Associated Students of the University of Nevada elections are this Wednesday and Thursday. The online voting caps off a month of campaigns, replete with all the campaign staples — signs, buttons, and debates as far as the eye can see.

Traditionally, the Nevada Sagebrush endorses candidates for ASUN president and vice president. This year, we’ve decided to buck tradition. Upon reflection, we can find no good reason why our student newspaper should endorse candidates. The arguments used by city-level newspapers simply do not apply at the university level.

Here’s why.

If you look at the organizational structure of most newspapers, there are two distinct parts: the newsroom, which produces all the news content, and the editorial board, which produces op-eds and other editorial content. These two entities never communicate with each other, and when candidate endorsement happens, a newsroom will often be kept in the dark until moments before the endorsement is made public.

This is a luxury our paper, which employs fewer than 10 people as actual content-producers, cannot afford. We do have an opinion editor, who acts as a kind of one-man editorial board, editing and curating op-ed content week in and week out. Additionally, staff editorials are written by either the editor-in-chief or the managing editor, neither of whom generally produce news content.

However, there isn’t the kind of editorial separation found in traditional newsrooms. There simply can’t be. It is impossible to keep news staff in the dark when it comes to editorial content, and on any given week there’s no guarantee of knowing or not-knowing what is and is not an editorial position of the paper.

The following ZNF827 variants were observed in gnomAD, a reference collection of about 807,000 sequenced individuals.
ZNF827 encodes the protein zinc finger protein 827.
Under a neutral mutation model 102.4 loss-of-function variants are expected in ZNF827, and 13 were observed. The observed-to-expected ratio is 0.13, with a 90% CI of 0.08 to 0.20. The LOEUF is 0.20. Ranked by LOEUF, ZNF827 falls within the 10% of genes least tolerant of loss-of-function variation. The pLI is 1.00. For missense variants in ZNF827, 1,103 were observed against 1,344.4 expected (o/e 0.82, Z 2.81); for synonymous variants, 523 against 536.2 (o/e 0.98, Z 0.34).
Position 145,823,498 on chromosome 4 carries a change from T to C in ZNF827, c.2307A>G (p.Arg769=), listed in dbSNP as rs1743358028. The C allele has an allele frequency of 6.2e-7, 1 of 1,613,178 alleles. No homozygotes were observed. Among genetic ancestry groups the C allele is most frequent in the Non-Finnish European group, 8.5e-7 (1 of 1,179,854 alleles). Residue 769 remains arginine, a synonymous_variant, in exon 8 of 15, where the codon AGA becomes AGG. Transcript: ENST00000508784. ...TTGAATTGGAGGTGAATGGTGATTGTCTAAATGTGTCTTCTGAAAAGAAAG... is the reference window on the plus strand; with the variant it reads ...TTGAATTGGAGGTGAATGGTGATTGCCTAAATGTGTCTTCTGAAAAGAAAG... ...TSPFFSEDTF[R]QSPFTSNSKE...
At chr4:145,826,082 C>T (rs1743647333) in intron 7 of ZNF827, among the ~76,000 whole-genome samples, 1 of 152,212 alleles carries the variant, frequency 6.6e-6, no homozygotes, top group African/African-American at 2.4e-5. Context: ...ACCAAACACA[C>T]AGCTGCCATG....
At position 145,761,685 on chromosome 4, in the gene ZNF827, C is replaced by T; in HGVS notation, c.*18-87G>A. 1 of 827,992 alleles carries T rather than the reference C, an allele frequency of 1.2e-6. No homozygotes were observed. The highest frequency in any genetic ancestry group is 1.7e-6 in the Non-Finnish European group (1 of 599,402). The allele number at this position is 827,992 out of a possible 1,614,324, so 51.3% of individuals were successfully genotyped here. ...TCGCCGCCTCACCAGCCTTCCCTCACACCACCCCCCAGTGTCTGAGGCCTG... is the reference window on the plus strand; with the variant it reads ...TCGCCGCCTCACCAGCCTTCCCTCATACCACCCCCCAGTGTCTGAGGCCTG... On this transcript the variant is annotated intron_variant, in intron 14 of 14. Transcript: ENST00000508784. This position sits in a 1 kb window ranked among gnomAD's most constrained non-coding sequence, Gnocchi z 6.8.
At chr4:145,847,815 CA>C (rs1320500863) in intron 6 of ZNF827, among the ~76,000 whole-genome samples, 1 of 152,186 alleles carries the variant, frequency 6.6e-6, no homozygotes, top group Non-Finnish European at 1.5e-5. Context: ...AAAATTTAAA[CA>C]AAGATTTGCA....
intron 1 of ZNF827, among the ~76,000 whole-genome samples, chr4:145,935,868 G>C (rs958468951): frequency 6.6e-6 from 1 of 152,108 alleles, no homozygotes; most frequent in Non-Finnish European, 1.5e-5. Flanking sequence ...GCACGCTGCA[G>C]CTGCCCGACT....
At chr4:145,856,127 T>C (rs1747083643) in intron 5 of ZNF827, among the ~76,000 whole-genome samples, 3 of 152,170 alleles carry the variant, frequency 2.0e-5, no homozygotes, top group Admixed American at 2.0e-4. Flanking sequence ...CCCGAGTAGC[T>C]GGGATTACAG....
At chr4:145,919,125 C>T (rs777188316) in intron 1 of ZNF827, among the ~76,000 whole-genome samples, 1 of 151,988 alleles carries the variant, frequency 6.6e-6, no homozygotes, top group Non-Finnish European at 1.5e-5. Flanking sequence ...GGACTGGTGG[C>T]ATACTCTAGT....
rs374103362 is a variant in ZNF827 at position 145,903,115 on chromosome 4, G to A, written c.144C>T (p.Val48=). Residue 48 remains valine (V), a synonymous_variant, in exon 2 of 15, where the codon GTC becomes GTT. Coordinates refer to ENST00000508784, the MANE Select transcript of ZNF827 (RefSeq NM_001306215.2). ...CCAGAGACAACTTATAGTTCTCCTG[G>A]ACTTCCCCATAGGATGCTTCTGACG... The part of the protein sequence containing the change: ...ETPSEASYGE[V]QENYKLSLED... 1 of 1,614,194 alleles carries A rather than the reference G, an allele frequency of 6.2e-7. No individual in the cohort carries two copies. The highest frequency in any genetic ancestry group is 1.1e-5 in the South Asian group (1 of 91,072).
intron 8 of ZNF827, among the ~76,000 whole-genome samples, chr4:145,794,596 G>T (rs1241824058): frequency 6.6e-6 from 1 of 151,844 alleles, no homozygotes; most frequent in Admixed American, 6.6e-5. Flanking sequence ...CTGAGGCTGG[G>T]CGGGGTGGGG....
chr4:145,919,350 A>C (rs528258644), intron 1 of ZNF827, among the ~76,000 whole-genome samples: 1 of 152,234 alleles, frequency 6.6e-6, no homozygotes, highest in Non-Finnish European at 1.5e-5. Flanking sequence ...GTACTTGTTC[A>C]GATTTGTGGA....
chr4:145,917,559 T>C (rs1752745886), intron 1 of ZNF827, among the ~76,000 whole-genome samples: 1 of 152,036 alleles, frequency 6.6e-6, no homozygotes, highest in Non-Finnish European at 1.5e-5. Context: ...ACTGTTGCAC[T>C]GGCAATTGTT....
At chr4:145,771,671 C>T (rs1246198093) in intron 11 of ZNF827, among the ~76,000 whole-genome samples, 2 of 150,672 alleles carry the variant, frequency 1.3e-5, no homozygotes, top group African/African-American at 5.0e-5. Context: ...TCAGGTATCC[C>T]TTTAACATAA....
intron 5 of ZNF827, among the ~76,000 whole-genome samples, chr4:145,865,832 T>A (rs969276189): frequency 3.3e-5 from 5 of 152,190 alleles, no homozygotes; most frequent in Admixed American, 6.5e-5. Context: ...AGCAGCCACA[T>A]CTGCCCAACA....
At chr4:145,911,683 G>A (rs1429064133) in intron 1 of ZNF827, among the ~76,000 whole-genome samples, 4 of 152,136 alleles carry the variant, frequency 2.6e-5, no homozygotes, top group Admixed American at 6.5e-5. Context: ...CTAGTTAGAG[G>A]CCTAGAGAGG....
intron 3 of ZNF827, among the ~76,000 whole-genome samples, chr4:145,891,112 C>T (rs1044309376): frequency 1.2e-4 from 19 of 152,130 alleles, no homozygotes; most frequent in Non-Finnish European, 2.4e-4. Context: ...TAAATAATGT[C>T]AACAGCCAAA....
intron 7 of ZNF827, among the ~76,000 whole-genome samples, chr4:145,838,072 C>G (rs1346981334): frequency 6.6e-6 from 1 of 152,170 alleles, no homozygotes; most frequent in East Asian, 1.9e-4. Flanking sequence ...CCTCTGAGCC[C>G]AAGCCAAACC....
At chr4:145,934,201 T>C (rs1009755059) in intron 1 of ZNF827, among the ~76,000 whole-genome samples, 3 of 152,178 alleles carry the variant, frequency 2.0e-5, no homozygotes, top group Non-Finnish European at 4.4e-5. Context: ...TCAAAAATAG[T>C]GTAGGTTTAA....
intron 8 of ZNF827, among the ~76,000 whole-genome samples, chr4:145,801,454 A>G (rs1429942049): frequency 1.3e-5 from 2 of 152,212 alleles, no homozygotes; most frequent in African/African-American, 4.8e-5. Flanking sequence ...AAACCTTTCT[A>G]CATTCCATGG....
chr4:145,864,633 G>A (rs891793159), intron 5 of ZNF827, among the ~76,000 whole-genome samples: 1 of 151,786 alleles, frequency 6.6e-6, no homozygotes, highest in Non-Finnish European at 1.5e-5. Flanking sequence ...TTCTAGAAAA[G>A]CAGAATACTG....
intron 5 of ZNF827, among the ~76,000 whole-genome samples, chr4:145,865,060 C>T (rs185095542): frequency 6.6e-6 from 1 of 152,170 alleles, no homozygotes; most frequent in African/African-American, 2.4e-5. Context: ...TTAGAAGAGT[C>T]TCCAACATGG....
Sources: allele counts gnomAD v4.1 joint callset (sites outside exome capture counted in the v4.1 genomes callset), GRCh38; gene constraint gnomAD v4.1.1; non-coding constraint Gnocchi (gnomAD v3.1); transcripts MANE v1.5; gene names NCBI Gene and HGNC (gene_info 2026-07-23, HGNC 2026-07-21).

At that point, it becomes a credibility issue. By and large, The Nevada Sagebrush is the only organization that will report on the goings-on at ASUN. Because of this, we find it of paramount importance to maintain our editorial independence from ASUN wherever and whenever we can.

When we endorse a candidate, we chip away just a little bit at that independence. While we are skeptical of the total influence our endorsement might have on the race (especially a race that would, at best, have 20 percent turnout), we’re still choosing a side. After 20-odd weeks of independent reporting, we hang up that hat for a week and throw our voice to the chorus.

But why? History? Tradition? These reasons just aren’t good enough.

Finally, we’d like to note that this has nothing to do with any of the candidates currently running for office. Our decision not to endorse is a purely philosophical decision, and one that was a long time in the making.